Removing the connector, I upped the drill bit to 3.5mm, allowing for tolerance on a m3 screw and slop for hand drilling.
Don’t do what I did on the first hole, which is to drill all the way through with the 3mm bit and then try the 3.5mm – I could feel it trying to catch and chip, almost breaking the acrylic frame piece.
Fit the connector back and push a screw through the first hole to locate where the second hole should be drilled, and using the same technique of starting with a 3mm nd moving up to a 3.5mm , drill the second hole.
With hind sight – you maybe able to fit the connector behind the acrylic frame, only drilling two mounting holes to secure it. This will need to be tested for connector security as you may not be able to push the tool connector home fully.
Wiring up the connector
I chose a (#amazon link) 5 way din connector.
This gives us options for interconnects.
We can add intelligence behind the frame or we can design tools with intelligence.
With a 5 way connector you also get the outer shell of the connector, so you do have 6 ways to connect.
The first connection was the 12v.
We need two wires and I chose the outer two pins as the 12v feed and 12v return.
This will be connected straight to the power supply and will always be on.
A future mod may be a switch to isolate this connector.
A thought for the other wires is to use a pair as temperature feedback, with the last pin as a digital input.
So all of the pins were wired up prior to final fitting.
A heavy ish pair of wires for the 12v fee and return, terminated the other end in fork crimps to be fitted to the power supply.
Lighter wires have been used for the other four wires , including the shell of the connector.
These have been tucked away behind the frame and taped so that they will not interfere with the power supply.
Fit the wires to the power supply terminals before refitting the power supply to the frame.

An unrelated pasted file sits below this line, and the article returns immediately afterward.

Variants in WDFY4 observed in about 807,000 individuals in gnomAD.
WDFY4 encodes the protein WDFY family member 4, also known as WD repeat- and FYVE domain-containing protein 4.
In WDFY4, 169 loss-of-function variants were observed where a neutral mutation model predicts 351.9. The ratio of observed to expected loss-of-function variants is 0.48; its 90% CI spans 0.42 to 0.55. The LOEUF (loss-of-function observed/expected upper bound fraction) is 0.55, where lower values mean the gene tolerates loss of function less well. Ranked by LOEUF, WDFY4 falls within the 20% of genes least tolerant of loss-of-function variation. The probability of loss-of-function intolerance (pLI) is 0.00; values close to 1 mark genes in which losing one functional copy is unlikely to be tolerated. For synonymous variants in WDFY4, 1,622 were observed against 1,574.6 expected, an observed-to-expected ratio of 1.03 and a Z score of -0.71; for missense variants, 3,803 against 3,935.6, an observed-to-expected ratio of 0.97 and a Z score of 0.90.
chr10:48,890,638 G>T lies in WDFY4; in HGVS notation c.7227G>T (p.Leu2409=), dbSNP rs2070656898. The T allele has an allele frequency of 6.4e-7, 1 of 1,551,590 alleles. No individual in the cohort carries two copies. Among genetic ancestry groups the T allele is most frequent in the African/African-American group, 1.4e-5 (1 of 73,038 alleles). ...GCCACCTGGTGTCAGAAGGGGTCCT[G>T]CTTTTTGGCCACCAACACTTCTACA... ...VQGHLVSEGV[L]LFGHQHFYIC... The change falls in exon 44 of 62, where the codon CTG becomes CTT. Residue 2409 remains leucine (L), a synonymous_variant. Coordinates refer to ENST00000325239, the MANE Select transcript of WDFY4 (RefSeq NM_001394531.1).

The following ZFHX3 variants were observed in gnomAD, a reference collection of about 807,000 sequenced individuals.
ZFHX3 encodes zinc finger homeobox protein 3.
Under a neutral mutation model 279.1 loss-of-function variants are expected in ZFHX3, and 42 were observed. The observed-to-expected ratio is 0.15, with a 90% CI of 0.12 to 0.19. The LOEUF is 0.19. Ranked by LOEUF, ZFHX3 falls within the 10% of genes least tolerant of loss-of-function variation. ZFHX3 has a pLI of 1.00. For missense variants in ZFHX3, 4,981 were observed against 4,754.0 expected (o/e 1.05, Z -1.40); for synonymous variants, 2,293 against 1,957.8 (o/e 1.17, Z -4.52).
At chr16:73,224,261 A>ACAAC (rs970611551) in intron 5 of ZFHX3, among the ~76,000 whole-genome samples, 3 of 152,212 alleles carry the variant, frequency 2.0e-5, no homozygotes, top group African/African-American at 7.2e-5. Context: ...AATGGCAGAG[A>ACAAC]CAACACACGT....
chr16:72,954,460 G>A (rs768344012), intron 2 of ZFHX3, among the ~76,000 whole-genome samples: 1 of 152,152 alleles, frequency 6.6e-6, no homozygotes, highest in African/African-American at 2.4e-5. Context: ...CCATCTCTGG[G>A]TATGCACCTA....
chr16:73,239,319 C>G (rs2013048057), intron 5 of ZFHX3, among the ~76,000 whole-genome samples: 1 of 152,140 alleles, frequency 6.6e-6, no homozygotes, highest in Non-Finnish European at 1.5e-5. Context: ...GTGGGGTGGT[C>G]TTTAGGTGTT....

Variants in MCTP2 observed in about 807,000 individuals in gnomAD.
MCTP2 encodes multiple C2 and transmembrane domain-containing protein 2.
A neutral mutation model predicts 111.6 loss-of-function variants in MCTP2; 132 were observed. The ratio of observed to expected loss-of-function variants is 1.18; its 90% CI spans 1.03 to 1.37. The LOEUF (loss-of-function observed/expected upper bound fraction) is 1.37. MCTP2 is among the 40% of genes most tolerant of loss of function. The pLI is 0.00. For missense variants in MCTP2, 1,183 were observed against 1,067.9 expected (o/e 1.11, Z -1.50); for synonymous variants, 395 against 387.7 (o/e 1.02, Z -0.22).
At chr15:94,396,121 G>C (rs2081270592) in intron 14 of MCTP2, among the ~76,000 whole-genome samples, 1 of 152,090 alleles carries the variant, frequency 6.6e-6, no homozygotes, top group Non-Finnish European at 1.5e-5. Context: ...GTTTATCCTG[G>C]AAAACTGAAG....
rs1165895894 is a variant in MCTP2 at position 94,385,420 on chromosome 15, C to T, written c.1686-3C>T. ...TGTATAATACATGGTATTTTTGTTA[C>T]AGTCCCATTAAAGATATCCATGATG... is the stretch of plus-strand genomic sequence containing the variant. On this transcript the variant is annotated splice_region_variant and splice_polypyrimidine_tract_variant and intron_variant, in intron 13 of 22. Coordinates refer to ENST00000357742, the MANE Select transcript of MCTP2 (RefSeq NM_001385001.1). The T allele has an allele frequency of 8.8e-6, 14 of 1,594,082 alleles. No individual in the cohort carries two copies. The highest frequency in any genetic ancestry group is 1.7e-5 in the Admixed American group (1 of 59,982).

Then fit the auxilliary socket, bending the wires and making sure nothing is going to short out- it is probably preferable to cover the soldered connections with heatshrink to prevent shorting, but make sure they are not too long so as to interfere with the fitting of the power supply.
As I said before, tape up the unused wires and tuck them out of the way.
Make sure you create a diagram of the wiring, in 6 months when you design a superb new bit of kit, which blows up if connected the wrong way round, you will be fiddling about checking which pins the voltage is on.
When creating a diagram, make sure to show whether it is from the front or rear of the connector.
At present, all I have to connect to the (#amazon link)aux socket is a 3d pen and this works well.
I am trying a 12v soldering iron to see if I can connect it to the socket, but have not tried this yet.
A 12v light can be made easily from an empty pen – or even printed, with a clip to secure it onto the frame and position it where you want light for maintenance or other tasks.
I am limiting the power drawn to 60w as I am still using the original power supply – with a 350w as a backup still in its box!
So there you go, now you have an auxilliary socket on your Anet A8, what are you going to plug into yours?
So here’s a picture of the Anet A8 mods, the auxilliary connector fitted.
Thanks for reading